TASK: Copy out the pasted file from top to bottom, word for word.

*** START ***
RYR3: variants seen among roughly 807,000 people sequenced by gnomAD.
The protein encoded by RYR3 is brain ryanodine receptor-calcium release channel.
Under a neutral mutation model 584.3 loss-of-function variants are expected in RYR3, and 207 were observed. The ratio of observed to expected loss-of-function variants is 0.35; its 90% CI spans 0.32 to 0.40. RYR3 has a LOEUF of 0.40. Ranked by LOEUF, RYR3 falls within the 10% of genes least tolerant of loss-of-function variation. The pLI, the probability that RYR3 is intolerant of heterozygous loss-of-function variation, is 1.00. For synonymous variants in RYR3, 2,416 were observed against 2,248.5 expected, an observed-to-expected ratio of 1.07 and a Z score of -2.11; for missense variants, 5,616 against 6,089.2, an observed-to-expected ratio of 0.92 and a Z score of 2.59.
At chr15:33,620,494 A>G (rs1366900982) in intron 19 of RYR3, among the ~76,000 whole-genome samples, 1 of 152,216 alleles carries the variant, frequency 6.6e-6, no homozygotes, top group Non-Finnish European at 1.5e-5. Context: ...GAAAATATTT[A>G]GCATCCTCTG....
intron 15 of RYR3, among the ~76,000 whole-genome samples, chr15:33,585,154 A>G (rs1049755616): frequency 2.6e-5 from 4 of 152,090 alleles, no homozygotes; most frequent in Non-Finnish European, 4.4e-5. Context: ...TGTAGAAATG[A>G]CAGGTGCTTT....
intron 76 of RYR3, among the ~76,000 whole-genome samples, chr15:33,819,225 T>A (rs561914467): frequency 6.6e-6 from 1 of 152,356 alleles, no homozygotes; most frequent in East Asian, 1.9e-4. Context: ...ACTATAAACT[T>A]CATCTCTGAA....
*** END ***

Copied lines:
RYR3: variants seen among roughly 807,000 people sequenced by gnomAD.
The protein encoded by RYR3 is brain ryanodine receptor-calcium release channel.
Under a neutral mutation model 584.3 loss-of-function variants are expected in RYR3, and 207 were observed. The ratio of observed to expected loss-of-function variants is 0.35; its 90% CI spans 0.32 to 0.40. RYR3 has a LOEUF of 0.40. Ranked by LOEUF, RYR3 falls within the 10% of genes least tolerant of loss-of-function variation. The pLI, the probability that RYR3 is intolerant of heterozygous loss-of-function variation, is 1.00. For synonymous variants in RYR3, 2,416 were observed against 2,248.5 expected, an observed-to-expected ratio of 1.07 and a Z score of -2.11; for missense variants, 5,616 against 6,089.2, an observed-to-expected ratio of 0.92 and a Z score of 2.59.
At chr15:33,620,494 A>G (rs1366900982) in intron 19 of RYR3, among the ~76,000 whole-genome samples, 1 of 152,216 alleles carries the variant, frequency 6.6e-6, no homozygotes, top group Non-Finnish European at 1.5e-5. Context: ...GAAAATATTT[A>G]GCATCCTCTG....
intron 15 of RYR3, among the ~76,000 whole-genome samples, chr15:33,585,154 A>G (rs1049755616): frequency 2.6e-5 from 4 of 152,090 alleles, no homozygotes; most frequent in Non-Finnish European, 4.4e-5. Context: ...TGTAGAAATG[A>G]CAGGTGCTTT....
intron 76 of RYR3, among the ~76,000 whole-genome samples, chr15:33,819,225 T>A (rs561914467): frequency 6.6e-6 from 1 of 152,356 alleles, no homozygotes; most frequent in East Asian, 1.9e-4. Context: ...ACTATAAACT[T>A]CATCTCTGAA....